Study Your Viewfinder For Appropriate Settings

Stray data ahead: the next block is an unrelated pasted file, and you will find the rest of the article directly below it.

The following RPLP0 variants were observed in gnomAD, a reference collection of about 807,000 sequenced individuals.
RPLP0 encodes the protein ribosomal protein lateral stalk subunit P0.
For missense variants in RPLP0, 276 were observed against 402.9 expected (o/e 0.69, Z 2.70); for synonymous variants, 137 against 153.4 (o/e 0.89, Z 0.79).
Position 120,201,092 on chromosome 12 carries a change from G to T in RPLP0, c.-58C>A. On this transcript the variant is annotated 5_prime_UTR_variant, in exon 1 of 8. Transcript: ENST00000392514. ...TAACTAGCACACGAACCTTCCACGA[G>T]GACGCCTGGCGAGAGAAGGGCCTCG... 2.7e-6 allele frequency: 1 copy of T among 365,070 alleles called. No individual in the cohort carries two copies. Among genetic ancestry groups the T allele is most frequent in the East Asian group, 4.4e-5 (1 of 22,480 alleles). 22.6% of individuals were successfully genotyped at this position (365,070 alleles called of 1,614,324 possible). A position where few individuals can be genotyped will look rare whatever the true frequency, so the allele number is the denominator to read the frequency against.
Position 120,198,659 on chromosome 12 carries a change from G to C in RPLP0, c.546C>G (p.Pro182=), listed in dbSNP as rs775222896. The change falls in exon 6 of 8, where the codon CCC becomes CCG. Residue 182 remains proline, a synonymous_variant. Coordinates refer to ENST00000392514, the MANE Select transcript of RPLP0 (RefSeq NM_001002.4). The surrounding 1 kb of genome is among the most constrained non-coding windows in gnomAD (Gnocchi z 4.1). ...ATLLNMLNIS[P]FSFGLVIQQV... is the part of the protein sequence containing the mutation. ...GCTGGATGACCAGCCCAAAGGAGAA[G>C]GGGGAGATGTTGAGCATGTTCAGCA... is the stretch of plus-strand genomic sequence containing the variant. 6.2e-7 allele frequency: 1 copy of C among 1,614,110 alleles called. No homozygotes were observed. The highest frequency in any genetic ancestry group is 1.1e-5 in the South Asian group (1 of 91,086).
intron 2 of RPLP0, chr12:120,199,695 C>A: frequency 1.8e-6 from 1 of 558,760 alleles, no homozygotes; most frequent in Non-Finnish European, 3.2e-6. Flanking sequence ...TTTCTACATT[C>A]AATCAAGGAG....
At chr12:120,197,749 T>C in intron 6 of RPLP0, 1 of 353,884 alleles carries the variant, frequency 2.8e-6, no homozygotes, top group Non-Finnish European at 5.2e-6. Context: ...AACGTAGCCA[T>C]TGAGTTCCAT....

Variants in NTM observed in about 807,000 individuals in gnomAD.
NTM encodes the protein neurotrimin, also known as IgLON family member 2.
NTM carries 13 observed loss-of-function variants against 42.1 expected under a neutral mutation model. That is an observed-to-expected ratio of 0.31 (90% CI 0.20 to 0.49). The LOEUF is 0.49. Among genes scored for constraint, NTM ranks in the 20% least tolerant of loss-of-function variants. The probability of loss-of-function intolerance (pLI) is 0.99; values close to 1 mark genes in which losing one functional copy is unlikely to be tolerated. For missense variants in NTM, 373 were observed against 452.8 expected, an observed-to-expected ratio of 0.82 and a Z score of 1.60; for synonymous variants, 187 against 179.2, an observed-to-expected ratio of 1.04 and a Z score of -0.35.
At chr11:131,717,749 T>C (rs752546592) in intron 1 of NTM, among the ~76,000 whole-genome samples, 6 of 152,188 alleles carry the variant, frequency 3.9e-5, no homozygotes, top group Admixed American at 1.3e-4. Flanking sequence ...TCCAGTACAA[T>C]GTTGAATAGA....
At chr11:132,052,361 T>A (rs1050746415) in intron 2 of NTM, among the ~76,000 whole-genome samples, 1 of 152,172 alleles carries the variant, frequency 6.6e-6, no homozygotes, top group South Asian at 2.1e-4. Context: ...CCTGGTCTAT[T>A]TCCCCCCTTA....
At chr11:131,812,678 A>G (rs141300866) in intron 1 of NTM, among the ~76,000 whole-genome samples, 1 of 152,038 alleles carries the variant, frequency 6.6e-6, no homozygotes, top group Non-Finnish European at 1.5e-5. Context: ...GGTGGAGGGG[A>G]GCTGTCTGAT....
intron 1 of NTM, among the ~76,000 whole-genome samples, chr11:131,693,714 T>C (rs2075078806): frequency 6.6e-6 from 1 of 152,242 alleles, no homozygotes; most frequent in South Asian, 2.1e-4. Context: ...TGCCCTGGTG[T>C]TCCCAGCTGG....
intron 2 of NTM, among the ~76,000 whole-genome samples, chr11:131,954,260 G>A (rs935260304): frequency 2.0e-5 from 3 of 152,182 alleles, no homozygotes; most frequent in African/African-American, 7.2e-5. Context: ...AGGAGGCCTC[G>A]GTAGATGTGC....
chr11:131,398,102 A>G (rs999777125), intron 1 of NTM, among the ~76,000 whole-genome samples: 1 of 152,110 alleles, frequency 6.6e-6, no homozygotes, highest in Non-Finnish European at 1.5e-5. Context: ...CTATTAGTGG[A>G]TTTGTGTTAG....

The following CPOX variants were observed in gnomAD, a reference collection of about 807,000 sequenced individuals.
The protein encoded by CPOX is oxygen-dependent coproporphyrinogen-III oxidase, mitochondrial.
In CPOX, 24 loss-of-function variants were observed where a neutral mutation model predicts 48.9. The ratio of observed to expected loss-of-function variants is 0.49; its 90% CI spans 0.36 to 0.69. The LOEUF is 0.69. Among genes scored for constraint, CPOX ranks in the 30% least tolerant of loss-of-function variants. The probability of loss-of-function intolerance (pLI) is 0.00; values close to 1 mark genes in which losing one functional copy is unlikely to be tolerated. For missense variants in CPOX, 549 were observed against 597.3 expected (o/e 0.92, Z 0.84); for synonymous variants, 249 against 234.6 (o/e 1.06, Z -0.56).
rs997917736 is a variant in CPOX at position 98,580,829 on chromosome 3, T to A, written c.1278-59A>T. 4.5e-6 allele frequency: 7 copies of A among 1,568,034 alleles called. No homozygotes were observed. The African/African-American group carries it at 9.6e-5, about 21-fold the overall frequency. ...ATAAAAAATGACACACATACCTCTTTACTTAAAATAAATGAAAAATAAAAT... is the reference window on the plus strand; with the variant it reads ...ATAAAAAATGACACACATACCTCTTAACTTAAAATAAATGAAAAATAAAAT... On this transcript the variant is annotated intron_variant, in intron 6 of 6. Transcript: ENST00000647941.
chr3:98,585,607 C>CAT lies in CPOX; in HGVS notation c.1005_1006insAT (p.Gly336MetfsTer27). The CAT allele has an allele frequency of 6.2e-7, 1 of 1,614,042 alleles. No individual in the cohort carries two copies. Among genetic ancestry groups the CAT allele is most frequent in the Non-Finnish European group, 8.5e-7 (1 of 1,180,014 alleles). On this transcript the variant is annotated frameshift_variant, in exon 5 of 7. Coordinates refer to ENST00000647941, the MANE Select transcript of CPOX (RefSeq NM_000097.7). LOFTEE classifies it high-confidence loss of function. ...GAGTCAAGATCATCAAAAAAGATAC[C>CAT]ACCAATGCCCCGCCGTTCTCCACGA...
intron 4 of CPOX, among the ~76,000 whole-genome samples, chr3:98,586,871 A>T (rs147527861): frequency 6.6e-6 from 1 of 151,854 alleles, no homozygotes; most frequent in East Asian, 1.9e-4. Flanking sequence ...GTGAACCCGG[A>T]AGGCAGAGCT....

I stand accused and admit my guilt in regard to the concepts about which I write in this week’s tip. Because I committed the “crimes” a number of times, unfortunately, I qualify as an authority. By sharing my words, I hope I can save you the same heartache and frustration I endured. Heed my message to study your viewfinder so every time you pick up your camera, you walk away pain-free. Some time ago, I received an email from a safari participant. For the sake of anonymity, I’ll call her “Henrietta.” Henrietta shared with me how a situation unfolded before her with a momma and baby fox in her backyard. She shot 60-plus pictures before noticing her aperture was set to f/22. The corresponding shutter speed prevented her from attaining sharp images. By the time Henrietta noticed, the foxes left the yard. Did I ever do the same when I was starting out? Absolutely—but I’ve since learned to preview and study my viewfinder. I take notice of those little numbers, letters and readouts found within. I quickly scan the ISO, shutter speed, aperture, white balance and exposure compensation to determine if any aren’t appropriate for the given situation. Prior to pressing the shutter, I make the necessary changes. Better to miss one or two shots than have the entire session go awry. Most DSLRs show the following if you study your viewfinder: aperture, shutter speed, ISO, metering mode, exposure compensation and focus point. To activate them, press the shutter halfway. A quick glance provides the feedback to make sure your settings are appropriate. Had Henrietta noticed them, she would have realized the aperture/shutter combination was improper for the situation. Don’t let it happen to you. An ounce of prevention may net you 60-plus great images as opposed to all deletions. Another example: The subject matter you just finished photographing contained a lot of white. You saw lots of “blinkies,” so you dialed in minus compensation to the tune of minus a full stop. Your shoot lasts for over an hour. Upon completion, you put all your equipment away and smile ecstatically thinking about the captures. The next morning, you encounter a grizzly bear as you drive the road. Without hesitation, you fire off 40-plus shots. Sadly, you do a mass deletion of all images due to underexposure. The Oops—the minus-1 stop you dialed in during the previous shoot went unnoticed. But each time you pressed the shutter to make the bear photo, it was revealed. Take an extra second to study your viewfinder. Below is a list of ways you can get burned if you don’t study your viewfinder. Check them all before you press the shutter. Make a list and carry it in your camera bag. Periodically review the items. A time will come when you’re glad you did! Proper Focus Point Always be cognizant of what focus point is active. If the subject moves, move the point in conjunction with its new location. Be sure the active point is on the most important part of the subject. Creative Shutter You tried panning to expand your creativity. You locked in your shutter speed to 1/15th of a sec. For your follow-up session seven hours later, you witness a bison stampede with amazing action. Yes, all of your images are too blurry because you overlooked the fact the shutter was still locked at 1/15th and you weren’t panning this time! ISO The light was low and the action was furious. You do what’s necessary by raising the ISO. Kudos because that was proper to do. Unfortunately, the evening sunset found you mounting the camera to a tripod knowing you want to make a 20×30 of the beautiful scenic. Bummer—the 12,000-plus ISO creates an extremely noisy and grainy file. Spot Metering You’re about to capture amazing images that require precise exposure, so you switch to Spot Metering to simplify post-processing work. The next session finds that “spot” over a dark shadow, so all the highlights are void of detail—big oops. More and More And More Add your own items to this list that are of great magnitude to double-check so you don’t create an “Oops.” Preview and study your viewfinder and always double-check your camera settings. Again, I’ve been burned in the past. So was Henrietta. Here’s hoping Henrietta and I can prevent you from experiencing the pain we still feel! To learn more about this subject, join me on a photo safari to Tanzania. Visit www.russburdenphotography.com to get more information. Originally Published August 4, 2022